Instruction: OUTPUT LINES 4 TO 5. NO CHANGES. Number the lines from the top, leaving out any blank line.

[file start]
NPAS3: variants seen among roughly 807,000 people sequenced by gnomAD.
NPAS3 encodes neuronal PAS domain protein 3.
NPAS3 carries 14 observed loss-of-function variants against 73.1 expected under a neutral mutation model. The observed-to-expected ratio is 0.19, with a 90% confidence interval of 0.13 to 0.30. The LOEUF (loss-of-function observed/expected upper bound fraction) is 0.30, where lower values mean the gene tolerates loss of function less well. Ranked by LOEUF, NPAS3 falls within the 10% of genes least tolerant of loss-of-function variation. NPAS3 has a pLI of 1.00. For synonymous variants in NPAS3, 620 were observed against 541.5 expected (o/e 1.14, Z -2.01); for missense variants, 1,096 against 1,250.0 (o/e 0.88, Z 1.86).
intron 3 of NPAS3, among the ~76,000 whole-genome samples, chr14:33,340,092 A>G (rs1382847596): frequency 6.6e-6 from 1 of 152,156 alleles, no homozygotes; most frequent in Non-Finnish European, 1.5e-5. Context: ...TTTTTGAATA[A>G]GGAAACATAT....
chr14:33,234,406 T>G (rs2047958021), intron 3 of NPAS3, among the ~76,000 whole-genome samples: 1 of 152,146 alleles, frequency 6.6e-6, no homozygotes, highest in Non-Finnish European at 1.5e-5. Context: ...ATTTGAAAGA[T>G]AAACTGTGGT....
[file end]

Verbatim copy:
intron 3 of NPAS3, among the ~76,000 whole-genome samples, chr14:33,340,092 A>G (rs1382847596): frequency 6.6e-6 from 1 of 152,156 alleles, no homozygotes; most frequent in Non-Finnish European, 1.5e-5. Context: ...TTTTTGAATA[A>G]GGAAACATAT....
chr14:33,234,406 T>G (rs2047958021), intron 3 of NPAS3, among the ~76,000 whole-genome samples: 1 of 152,146 alleles, frequency 6.6e-6, no homozygotes, highest in Non-Finnish European at 1.5e-5. Context: ...ATTTGAAAGA[T>G]AAACTGTGGT....